He said he would undo the tax cuts if elected to Congress, using the money to promote research, hoping some of that money could go to Stony Brook University and Brookhaven National Laboratory, creating jobs in the green energy economy here, including union jobs manufacturing offshore wind turbines.
“That’s a plan for the future, but it only works when the government has money for it,” he said.
Mr. Gershon was then asked whether he had contradicted himself in two videos regarding whether Immigration and Customs Enforcement should work with local law enforcement.
Mr. Gershon said one of the videos was cut by Mr. Zeldin’s campaign to change the meaning of his statements.
“ICE should be working with local law enforcement. That’s what I said all along,” he said. “ICE should not be terrorizing citizens…. going to cars, knocking on doors and taking action without involving local law enforcement. That’s not right.”
“I am absolutely in favor of ICE as an immigration force, but they can’t be terrorizing our citizens in our communities,” he said, adding that it’s critical “for immigrants to be comfortable with law enforcement.”
“When immigrants go into hiding, they don’t report crime,” he added. “That helps MS-13. The worst thing we can do if we’re afraid of gangs in this country and we want to deter gang violence is to force immigrants into hiding and have them afraid of local law enforcement.”
Mr. Gershon added that he believes the best way to combat gangs like MS-13 is to reform U.S. immigration laws.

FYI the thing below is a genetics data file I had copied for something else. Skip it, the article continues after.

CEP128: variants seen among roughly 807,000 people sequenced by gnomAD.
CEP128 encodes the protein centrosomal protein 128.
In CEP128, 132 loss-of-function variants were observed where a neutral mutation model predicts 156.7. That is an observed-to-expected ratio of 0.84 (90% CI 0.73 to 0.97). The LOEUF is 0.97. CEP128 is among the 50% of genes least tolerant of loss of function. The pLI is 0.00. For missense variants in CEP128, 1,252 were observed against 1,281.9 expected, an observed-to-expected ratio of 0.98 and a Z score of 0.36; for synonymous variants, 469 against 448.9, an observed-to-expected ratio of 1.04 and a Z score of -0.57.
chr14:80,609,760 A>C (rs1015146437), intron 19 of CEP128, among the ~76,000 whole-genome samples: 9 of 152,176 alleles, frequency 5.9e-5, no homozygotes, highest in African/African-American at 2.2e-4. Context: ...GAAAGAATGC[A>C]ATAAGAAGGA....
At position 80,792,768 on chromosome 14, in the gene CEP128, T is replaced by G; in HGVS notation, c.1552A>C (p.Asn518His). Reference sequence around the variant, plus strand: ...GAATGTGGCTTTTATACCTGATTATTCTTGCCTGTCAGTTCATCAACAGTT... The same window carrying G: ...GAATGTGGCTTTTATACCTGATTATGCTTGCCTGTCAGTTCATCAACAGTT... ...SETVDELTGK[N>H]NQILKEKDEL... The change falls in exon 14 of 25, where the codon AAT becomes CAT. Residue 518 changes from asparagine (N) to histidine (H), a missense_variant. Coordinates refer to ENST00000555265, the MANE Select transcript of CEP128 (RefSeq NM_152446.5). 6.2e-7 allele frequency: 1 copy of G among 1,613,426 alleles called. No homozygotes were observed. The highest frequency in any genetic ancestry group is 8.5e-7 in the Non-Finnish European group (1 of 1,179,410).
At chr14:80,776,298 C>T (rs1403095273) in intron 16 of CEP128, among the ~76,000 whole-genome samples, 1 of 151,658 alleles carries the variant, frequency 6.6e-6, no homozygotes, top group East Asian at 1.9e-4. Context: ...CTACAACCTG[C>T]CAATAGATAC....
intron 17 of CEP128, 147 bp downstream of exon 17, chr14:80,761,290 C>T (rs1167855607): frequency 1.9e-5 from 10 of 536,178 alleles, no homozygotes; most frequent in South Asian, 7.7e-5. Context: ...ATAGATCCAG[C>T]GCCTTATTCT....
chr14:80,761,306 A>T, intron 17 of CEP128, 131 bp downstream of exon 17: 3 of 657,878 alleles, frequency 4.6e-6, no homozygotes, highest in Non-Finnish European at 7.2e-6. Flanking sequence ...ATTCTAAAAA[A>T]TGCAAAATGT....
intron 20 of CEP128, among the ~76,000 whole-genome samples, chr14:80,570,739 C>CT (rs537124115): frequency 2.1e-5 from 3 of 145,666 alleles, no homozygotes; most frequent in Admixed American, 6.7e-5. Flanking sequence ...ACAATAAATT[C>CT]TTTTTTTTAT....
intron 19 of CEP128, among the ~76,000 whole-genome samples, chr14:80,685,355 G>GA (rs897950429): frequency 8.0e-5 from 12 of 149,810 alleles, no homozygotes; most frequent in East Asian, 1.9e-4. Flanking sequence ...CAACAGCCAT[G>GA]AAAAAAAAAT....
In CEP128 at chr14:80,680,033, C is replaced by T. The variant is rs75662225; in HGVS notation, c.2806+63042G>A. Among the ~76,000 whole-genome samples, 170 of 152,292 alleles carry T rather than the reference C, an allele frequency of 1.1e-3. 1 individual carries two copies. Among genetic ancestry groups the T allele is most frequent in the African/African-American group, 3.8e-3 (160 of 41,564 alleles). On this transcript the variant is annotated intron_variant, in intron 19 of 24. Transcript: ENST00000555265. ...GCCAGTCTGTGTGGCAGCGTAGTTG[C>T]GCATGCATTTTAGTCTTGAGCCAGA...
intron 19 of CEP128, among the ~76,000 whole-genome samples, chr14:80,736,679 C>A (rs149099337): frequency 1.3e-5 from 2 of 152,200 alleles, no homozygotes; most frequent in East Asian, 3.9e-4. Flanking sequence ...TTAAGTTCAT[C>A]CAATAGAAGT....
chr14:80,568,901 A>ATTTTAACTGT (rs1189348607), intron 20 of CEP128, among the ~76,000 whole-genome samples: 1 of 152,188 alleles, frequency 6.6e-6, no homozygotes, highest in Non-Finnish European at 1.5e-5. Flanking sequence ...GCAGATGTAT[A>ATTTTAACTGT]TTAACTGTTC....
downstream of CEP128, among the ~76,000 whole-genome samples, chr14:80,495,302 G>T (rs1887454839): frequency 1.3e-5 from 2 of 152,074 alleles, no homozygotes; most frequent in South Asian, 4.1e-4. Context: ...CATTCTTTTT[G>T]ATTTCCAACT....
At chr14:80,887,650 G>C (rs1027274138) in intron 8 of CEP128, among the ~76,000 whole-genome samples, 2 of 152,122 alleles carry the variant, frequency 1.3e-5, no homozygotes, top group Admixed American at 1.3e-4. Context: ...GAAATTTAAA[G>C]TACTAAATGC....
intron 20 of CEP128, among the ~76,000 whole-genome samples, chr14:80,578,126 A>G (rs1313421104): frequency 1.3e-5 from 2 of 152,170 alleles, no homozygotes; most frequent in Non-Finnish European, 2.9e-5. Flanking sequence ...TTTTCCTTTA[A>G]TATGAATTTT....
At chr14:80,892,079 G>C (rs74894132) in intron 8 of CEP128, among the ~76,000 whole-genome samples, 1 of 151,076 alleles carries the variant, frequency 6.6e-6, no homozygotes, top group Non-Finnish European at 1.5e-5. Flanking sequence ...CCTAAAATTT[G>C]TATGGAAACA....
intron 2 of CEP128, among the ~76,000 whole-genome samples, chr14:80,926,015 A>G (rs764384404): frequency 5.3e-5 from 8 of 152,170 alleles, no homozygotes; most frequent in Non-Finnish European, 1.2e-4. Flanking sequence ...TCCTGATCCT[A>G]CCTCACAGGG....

“I’m not a proponent of the border wall. I don’t think it’s going to help. I think it will be very expensive to build. Mexico’s not going to pay for it like Donald Trump said they would when he ran for office and I don’t think it will increase border security. We need to put more money into human enforcement.”
He was then asked if he believes SUNY Stony Brook should follow New York University’s lead and make medical school free.
“It’s a great idea to make medical school free, but somebody’s gotta pay for it,” he said. “NYU had an endowment that was able to fund free medical school. We don’t have that, to my knowledge, now at SUNY. It’s not practical to just say ‘we’re going to make it free.’ We’ve gotta find some way to pay for it.
The final question, read by debate organizers with a chuckle, was “what can we do to help you defeat Lee Zeldin?”
Mr. Gershon said his campaign has benefited from “tremendous grassroots energy.”
“People are energized. Turnout in the federal primary in June was up 76 percent from where it was two years ago, and the statewide primaries in September were up 50 percent from June,” he said. “People seem inclined to go out and vote.”
“The Republican side needs that as well,” he added. “If you support Lee Zeldin, go out and knock on doors for Lee Zeldin. If you believe in what I stand for, go sign up in our office in Southampton and go knock on doors for us.”
Debates between the two congressional candidates on the schedule as of press time were as follows: Oct. 23 at 7 p.m. with The League of Women Voters of Smithtown at a location yet to be determined; on Oct. 24 at noon with News 12 at a location to be determined; a Facebook Live digital debate with the Press News Group on Oct. 25 at 2 p.m. and on Oct. 29 at 7 p.m. at Hampton Bays High School with the League of Women Voters of the Hamptons.